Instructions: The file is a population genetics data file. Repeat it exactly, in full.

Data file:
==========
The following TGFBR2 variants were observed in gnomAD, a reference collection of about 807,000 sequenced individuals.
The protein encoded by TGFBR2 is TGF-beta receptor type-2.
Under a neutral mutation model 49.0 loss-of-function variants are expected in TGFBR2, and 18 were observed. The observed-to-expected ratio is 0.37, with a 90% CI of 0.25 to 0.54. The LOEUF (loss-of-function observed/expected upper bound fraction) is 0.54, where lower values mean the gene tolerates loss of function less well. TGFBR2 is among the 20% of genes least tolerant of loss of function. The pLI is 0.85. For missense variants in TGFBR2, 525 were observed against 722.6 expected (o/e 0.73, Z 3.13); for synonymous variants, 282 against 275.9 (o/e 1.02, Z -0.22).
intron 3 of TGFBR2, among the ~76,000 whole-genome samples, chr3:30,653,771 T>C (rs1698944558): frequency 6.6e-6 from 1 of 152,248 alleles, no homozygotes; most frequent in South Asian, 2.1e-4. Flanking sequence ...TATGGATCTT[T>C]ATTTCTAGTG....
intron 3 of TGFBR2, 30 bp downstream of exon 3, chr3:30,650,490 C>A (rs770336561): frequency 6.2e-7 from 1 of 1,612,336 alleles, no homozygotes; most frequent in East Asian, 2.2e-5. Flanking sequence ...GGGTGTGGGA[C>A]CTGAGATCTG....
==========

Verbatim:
The following TGFBR2 variants were observed in gnomAD, a reference collection of about 807,000 sequenced individuals.
The protein encoded by TGFBR2 is TGF-beta receptor type-2.
Under a neutral mutation model 49.0 loss-of-function variants are expected in TGFBR2, and 18 were observed. The observed-to-expected ratio is 0.37, with a 90% CI of 0.25 to 0.54. The LOEUF (loss-of-function observed/expected upper bound fraction) is 0.54, where lower values mean the gene tolerates loss of function less well. TGFBR2 is among the 20% of genes least tolerant of loss of function. The pLI is 0.85. For missense variants in TGFBR2, 525 were observed against 722.6 expected (o/e 0.73, Z 3.13); for synonymous variants, 282 against 275.9 (o/e 1.02, Z -0.22).
intron 3 of TGFBR2, among the ~76,000 whole-genome samples, chr3:30,653,771 T>C (rs1698944558): frequency 6.6e-6 from 1 of 152,248 alleles, no homozygotes; most frequent in South Asian, 2.1e-4. Flanking sequence ...TATGGATCTT[T>C]ATTTCTAGTG....
intron 3 of TGFBR2, 30 bp downstream of exon 3, chr3:30,650,490 C>A (rs770336561): frequency 6.2e-7 from 1 of 1,612,336 alleles, no homozygotes; most frequent in East Asian, 2.2e-5. Flanking sequence ...GGGTGTGGGA[C>A]CTGAGATCTG....